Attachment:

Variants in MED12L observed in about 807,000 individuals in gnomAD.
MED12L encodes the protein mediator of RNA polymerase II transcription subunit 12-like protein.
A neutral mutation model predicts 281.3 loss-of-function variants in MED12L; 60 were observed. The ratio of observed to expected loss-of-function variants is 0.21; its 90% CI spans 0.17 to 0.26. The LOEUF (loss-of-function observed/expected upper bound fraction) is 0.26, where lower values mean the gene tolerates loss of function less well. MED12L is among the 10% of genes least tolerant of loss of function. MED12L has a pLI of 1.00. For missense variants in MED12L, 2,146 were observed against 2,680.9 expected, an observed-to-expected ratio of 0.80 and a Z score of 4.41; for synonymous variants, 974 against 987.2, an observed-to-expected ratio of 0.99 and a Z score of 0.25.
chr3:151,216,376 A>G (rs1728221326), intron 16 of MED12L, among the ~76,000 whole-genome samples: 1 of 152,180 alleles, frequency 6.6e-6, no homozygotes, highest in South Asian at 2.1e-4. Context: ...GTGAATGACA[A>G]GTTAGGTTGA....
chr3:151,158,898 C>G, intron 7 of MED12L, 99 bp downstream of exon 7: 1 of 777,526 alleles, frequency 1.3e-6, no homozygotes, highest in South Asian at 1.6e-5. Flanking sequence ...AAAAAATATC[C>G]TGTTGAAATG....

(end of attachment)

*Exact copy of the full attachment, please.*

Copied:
Variants in MED12L observed in about 807,000 individuals in gnomAD.
MED12L encodes the protein mediator of RNA polymerase II transcription subunit 12-like protein.
A neutral mutation model predicts 281.3 loss-of-function variants in MED12L; 60 were observed. The ratio of observed to expected loss-of-function variants is 0.21; its 90% CI spans 0.17 to 0.26. The LOEUF (loss-of-function observed/expected upper bound fraction) is 0.26, where lower values mean the gene tolerates loss of function less well. MED12L is among the 10% of genes least tolerant of loss of function. MED12L has a pLI of 1.00. For missense variants in MED12L, 2,146 were observed against 2,680.9 expected, an observed-to-expected ratio of 0.80 and a Z score of 4.41; for synonymous variants, 974 against 987.2, an observed-to-expected ratio of 0.99 and a Z score of 0.25.
chr3:151,216,376 A>G (rs1728221326), intron 16 of MED12L, among the ~76,000 whole-genome samples: 1 of 152,180 alleles, frequency 6.6e-6, no homozygotes, highest in South Asian at 2.1e-4. Context: ...GTGAATGACA[A>G]GTTAGGTTGA....
chr3:151,158,898 C>G, intron 7 of MED12L, 99 bp downstream of exon 7: 1 of 777,526 alleles, frequency 1.3e-6, no homozygotes, highest in South Asian at 1.6e-5. Flanking sequence ...AAAAAATATC[C>G]TGTTGAAATG....